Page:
And it gets even better.  I'm padding this set out with seven long out of print b-sides from Juliana's '90s halcyon era.  "Ruthless," "Baby's Not My Name," and "Girl In Old Blue Volvo Disowns Self" parallel or surpass her most golden album cuts.  I should note that "Feed Me," culled from the I See You ep. is a rewrite of the Blake Babies "Boiled Potato."  A loose tracklist is below, but you dictate the sequence.

If you enjoyed the demos, please consider purchasing Whatever, My Love from American Laundromat, iTunes, Amazon and elsewhere.   Support the band!  One more thing - I re-upped a 1997 Juliana Hatfield concert in Toronto that you can check out here.

Demos, etc.
If I Could (2000)
I'm Shy (1997)
Invisible (2000)
Now That I Have Found You (1998)
Ordinary Guy (1998)
Never Coming Out (1996)
Eye to Eye (from God's Foot)

Feed Me
Here Comes The Pain
Put It Away
Hello my Name is Baby
I Got No Idols (Piano Version)
Girl In Old Blue Volvo Disowns Self


Wednesday, March 18, 2015

Social Club - Flogging Peasants (1988, Petroleum By-Products)

Looks like this is the first entry I've dedicated to a San Jose combo (well, Cupertino anyway).  Close enough.  Social Club were your basic four-piece setup, more left-off-the-dial than left-of-the-dial by the sound of things.  I'm digging the lead-off number here, "Left to Understand," which bears a healthy dollop of the stamina and fervor of period Replacements or Buck Pets.  It's kinda downhill from there, but side-two's commencing "Jump Something Big," is the surlier and darker cousin to the aforementioned flipside cut.  A couple of appealing janglier stabs too - "Hide Your Tears," "Last Chance Home."  As for the rest, Flogging Peasants gets a little bit pedestrian in spots, vaguely reminiscent of David & David, but I'm not really complaining.  And I doubt you'll be either.

01. Left to Understand
02. Nothing New
03. Everywhere
04. Hide Your Tears
05. What Difference
06. Jump Something Big
07. Last Chance Home
08. Kook
09. Gotta Go
10. Up in the Sky


Sunday, March 15, 2015

Did our chemistry cause a chain reaction?

From 1980.  This album garnered comparisons to Elvis Costello.  Go figure.

Saturday, March 14, 2015

Humidifier - Nothing Changes (1996, Link)

I did a piece on Humidifier a good four years ago when I made their 1993 Gazer ep available to the world at large.  I provided a relatively thorough backgrounder on the quartet (later pared down to a trio) in that entry, but the synopsis on the band is essentially this - Jon Wilbur, renown for his tenure in Superchunk,  and likewise John King for his time in Spent, comprise the Humidifier nucleus.  In the late '80s up through about 1991, they recorded two 7" eps, and a full length, Misery's Redeeming, during their initial tenure.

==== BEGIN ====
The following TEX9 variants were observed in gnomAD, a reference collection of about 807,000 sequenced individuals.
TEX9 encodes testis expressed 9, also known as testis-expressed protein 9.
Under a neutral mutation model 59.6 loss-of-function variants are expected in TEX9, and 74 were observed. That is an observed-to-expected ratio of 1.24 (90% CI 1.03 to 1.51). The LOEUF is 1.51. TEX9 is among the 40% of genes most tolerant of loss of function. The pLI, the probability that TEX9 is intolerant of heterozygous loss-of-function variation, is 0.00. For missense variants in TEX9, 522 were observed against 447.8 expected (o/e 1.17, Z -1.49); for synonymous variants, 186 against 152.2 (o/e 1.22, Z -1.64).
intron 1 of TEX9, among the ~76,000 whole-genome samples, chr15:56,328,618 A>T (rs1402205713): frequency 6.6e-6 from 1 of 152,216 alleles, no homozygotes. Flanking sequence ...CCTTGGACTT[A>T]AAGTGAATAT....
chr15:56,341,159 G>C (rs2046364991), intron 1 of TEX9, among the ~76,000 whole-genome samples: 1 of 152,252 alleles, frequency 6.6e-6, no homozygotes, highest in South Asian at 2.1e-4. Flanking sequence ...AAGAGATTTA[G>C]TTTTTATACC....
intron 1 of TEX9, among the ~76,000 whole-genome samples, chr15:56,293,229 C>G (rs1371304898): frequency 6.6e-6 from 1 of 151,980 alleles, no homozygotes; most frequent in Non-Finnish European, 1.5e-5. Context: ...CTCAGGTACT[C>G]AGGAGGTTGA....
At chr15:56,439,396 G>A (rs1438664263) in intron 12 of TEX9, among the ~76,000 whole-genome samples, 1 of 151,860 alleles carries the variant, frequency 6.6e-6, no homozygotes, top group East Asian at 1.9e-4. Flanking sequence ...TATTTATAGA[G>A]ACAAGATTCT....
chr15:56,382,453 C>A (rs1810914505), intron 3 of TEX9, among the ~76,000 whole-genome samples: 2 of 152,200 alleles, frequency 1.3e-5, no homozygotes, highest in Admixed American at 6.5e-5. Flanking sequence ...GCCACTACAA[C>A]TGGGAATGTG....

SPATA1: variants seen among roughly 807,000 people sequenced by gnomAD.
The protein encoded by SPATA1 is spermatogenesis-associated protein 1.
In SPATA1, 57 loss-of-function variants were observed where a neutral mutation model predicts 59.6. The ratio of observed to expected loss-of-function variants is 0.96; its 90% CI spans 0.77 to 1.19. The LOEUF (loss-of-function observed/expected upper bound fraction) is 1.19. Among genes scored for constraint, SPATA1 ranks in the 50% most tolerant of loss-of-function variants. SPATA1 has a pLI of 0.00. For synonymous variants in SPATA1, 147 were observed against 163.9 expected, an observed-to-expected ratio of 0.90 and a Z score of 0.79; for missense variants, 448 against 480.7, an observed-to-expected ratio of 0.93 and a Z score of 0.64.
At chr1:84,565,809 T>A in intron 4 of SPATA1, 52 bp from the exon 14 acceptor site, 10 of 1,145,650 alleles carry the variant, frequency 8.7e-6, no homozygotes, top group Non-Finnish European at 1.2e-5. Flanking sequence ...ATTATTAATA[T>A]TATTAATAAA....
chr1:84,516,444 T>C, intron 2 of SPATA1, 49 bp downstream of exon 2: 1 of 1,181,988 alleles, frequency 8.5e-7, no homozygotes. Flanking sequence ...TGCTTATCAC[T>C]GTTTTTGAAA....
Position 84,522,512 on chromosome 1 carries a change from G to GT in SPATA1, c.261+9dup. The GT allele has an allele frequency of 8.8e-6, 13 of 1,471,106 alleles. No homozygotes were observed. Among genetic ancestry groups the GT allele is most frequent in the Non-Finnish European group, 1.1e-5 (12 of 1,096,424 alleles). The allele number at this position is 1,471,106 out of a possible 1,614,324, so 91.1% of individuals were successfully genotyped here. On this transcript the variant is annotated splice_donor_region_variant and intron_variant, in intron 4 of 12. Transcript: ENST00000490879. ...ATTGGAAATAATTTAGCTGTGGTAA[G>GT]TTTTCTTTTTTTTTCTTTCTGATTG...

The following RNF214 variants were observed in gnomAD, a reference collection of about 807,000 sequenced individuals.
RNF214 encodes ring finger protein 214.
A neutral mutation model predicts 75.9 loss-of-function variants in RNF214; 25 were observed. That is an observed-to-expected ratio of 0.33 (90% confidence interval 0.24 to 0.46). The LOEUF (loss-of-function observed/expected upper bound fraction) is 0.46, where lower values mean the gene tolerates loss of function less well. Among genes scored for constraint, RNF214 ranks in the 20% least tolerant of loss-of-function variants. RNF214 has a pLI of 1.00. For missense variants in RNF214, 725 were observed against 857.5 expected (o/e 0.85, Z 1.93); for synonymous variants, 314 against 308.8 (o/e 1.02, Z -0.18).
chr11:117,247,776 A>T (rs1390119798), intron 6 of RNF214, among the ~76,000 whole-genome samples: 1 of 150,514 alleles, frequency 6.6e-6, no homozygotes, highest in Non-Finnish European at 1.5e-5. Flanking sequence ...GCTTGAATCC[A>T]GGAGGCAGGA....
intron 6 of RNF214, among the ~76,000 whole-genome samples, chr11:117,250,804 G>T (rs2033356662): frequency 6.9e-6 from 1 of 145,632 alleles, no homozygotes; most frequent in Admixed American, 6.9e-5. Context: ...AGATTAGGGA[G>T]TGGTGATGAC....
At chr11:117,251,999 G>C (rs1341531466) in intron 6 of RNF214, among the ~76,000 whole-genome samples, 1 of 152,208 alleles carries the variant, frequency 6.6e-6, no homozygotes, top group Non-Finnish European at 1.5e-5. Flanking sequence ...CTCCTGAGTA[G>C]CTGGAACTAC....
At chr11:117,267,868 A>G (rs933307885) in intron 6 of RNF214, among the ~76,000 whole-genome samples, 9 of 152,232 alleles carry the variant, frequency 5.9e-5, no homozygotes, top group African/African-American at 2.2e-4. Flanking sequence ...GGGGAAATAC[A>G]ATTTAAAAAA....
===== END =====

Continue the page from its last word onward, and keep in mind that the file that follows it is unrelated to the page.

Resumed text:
Fast forward to 1996.  After making a name for themselves with the aforementioned indie rock titans, Wilbur and King, along with drummer Dennis Saulnier revived Humidifier.  Armed with an album's worth of new tunes, considerably more experience, not to mention a record deal with a credible label, Nothing Changes was born.  The album plays out like it's composite might suggest, yet there's little here that outright surpasses anything in Superchunk's considerably more visceral repertoire.  The Gazer ep's most convincing moment, "Nicotine" is rerecorded for Nothing Changes, and comes out noticeably more lucid in the wash, losing some of it's charm in the process.  NC is recommendable, especially for established clientele of Wilbur and/or King, albeit it's not particularly timeless.  Oddly enough, maturity wasn't always to Humidifier's benefit here, and furthermore there was to be no follow-up to this album.

01. Death on the Cape
02. Nicotine
03. If You Want to Make This Right
04. Intelligent Vehicle Nightmare
05. Telephone Poles
06. Nature Calls Albert Collect
07. Rubber Gloves
08. Way Station
09. Five Relatives in the Cemetery
10. Martian Timeslip
11. Actified
12. Not Afraid, Terrified
13. Slowburn
14. When My Fingers Fall Off


Friday, March 13, 2015

Angle Park 7" (1986, Gark)

Here's a Minnesota quartet, possibly from Minneapolis, who apparently had no affiliation with that town's "big three" (Mats, Husker Du, Soul Asylum).  In fact, Angle Park seemingly made no attempt to blend in with that trifecta, and jolly good for them because this 45s A-side, "On My Back," is a riff-roaring ass kicker that roots up plenty of dirt on their own terms.  Think along the lines of the Magnolias, Georgia Satellites and the Neighborhoods and you'll get the idea.  The sensitive "Someday," rounding out the second half of this disk is the ballad-esque ying to "On My Back's" proverbial yang, proving there are indeed two sides to every single.

A. On My Back
B. Someday


Wednesday, March 11, 2015

Lemmings - Running ep (1984)